In the second case, in relation to repairing the faulty line, second order signals must be exchanged before ordering the switch-over of traffic from the spare line to the repaired working line. According to the preceding article, this second exchange of order signals can also come about by momentarily breaking the spare line traffic, which may be very annoying, in particular should the relieved line be a priority line or a line conveying data, for example, between a terminal and a computor where the transmission must not be broken.
In the article by James W. Wuertele published in the National Telecommunications Conference review, 1973, Conference Record Vol. 2, New York (U.S.), is described a relieving method which obviates the drawbacks of the method in the article by A. Chomette et al. The second exchange of order signals does not occur via the pre-selected spare line, but via the repaired line whilst the data related to this repaired line continues to be transmitted along the pre-selected spare line. As a result, these conditions do not break the traffic related to the repaired working line.
However, according to the second preceding article, the receiving end of an end station switching unit is connected to the working line throughout the repair time, just before the second switch-over, in order to receive test signals via the latter. Thus, just before the second switch-over, i.e. before the second exchange of orders, the faulty working line is connected to the order emitting and receiving circuits in the end stations. If a second working line were to fail before the first one has been repaired and the second line were to have priority over the first, no exchange of orders could occur between the stations until the first working line had been repaired.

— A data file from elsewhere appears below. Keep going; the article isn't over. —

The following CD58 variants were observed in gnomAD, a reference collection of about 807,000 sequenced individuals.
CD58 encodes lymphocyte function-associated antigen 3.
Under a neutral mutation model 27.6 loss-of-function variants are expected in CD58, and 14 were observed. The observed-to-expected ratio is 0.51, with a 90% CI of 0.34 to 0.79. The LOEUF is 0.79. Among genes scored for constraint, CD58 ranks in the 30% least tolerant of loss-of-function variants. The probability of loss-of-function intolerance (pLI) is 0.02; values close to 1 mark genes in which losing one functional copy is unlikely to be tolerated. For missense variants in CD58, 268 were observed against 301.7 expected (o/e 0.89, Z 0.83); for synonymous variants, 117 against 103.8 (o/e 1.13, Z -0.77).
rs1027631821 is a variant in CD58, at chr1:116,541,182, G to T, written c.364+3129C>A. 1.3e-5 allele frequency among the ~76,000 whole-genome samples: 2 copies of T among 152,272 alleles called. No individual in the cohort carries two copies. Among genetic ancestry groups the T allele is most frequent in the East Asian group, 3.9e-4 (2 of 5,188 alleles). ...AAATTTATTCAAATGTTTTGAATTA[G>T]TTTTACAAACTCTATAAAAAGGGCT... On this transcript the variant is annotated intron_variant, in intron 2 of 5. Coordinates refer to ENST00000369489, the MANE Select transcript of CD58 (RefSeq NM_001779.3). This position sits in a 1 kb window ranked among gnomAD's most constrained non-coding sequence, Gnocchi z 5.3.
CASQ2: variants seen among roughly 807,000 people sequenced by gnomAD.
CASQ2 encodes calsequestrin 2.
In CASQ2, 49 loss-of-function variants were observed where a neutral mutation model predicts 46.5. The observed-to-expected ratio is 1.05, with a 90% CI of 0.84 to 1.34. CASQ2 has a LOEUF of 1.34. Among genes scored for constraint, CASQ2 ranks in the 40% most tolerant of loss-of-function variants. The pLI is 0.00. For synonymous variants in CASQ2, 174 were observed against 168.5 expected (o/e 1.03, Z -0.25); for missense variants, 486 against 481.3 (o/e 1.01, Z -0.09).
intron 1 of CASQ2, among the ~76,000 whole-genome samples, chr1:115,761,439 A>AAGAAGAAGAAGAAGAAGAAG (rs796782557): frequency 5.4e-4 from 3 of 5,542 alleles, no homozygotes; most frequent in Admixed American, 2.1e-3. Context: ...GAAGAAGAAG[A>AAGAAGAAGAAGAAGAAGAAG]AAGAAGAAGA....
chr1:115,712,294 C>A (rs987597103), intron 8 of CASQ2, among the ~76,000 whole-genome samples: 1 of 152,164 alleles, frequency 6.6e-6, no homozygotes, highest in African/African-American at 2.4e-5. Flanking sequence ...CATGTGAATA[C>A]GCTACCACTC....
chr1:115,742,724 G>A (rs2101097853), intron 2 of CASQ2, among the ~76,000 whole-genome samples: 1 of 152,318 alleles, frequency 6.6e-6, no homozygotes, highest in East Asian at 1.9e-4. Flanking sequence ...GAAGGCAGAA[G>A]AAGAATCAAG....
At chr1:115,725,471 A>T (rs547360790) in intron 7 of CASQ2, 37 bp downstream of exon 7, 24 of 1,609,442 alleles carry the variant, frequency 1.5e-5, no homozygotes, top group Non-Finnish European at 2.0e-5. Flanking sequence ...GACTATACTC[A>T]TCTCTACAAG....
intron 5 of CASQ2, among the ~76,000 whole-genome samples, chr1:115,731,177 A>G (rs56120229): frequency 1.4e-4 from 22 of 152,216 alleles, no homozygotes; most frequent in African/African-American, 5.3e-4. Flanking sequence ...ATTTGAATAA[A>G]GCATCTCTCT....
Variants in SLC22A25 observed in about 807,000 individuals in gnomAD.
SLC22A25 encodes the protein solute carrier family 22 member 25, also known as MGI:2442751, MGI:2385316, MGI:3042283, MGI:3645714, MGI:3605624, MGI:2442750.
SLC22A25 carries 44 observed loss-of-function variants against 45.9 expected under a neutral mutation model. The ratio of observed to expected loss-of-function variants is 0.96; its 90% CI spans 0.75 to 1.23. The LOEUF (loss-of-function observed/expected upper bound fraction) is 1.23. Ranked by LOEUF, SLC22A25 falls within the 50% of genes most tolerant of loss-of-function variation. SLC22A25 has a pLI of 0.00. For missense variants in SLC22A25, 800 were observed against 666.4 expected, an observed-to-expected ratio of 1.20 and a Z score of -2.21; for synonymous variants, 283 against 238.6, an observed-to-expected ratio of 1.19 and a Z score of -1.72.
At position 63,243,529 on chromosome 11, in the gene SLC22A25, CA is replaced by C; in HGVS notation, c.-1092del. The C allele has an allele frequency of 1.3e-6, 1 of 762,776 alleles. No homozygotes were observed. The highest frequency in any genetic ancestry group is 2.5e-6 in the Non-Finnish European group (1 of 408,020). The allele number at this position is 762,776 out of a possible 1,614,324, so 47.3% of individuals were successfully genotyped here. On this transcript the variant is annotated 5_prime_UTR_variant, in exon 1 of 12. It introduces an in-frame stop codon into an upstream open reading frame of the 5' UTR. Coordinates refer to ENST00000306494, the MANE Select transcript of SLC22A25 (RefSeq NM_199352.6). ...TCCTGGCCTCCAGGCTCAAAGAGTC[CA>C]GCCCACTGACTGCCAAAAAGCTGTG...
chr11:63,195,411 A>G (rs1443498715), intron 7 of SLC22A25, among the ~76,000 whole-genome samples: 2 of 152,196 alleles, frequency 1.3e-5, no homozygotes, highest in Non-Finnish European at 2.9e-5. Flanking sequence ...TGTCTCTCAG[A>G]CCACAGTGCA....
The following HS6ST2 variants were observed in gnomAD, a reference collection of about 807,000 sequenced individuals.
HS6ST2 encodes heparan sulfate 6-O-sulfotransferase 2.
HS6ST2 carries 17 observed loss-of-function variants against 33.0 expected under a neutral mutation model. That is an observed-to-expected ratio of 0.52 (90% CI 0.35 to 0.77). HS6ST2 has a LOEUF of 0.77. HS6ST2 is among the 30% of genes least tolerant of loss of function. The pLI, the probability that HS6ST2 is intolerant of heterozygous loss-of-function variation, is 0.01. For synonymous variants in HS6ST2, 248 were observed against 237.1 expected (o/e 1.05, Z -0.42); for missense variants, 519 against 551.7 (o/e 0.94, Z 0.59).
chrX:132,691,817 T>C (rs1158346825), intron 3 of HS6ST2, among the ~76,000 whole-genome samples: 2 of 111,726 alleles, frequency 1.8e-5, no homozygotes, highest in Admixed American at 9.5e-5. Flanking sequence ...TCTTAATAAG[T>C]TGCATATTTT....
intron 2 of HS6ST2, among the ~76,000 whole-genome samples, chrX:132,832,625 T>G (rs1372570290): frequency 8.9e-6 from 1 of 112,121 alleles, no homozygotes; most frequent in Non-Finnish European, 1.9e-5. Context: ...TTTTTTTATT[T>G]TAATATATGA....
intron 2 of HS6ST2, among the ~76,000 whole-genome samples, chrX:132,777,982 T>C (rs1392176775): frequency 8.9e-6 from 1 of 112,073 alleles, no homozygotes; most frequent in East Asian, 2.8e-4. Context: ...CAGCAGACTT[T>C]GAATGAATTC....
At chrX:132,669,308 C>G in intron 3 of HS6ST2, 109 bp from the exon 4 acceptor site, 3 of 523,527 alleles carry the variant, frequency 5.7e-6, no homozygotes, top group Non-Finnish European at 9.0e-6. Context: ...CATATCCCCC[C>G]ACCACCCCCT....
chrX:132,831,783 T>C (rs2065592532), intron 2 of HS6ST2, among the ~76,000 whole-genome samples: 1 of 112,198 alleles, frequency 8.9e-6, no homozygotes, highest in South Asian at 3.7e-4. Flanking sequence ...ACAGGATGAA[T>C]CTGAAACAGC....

The principal object of this invention is to permit a second exchange of order signals for relieving a priority working line, even if one working line is under repair.
According to the present invention, there is provided a relieving system for relieving a plurality of bidirectional digital data transmission working lines connected between two end stations of a digital transmission system, said relieving system comprising a plurality of bidirectional digital transmission spare lines connected between said end stations, each of said end stations comprising:
means for detecting transmission faults on each of said working lines;
means for selecting a free spare line in response to the detection of transmission faults on a working line;
means for emitting digital order signals to the other end station;
means for receiving digital order signals from said other end station;
first and second switching means for connecting said order signal emitting and receiving means to the selected free spare line such that said order signal emitting and receiving means of said end stations exchange first order signals therebetween in response to the detection of a transmission fault on said working line, and for connecting the emitting and receiving ends of said faulty working line to said selected free spare line in response to said first order signals from said other station;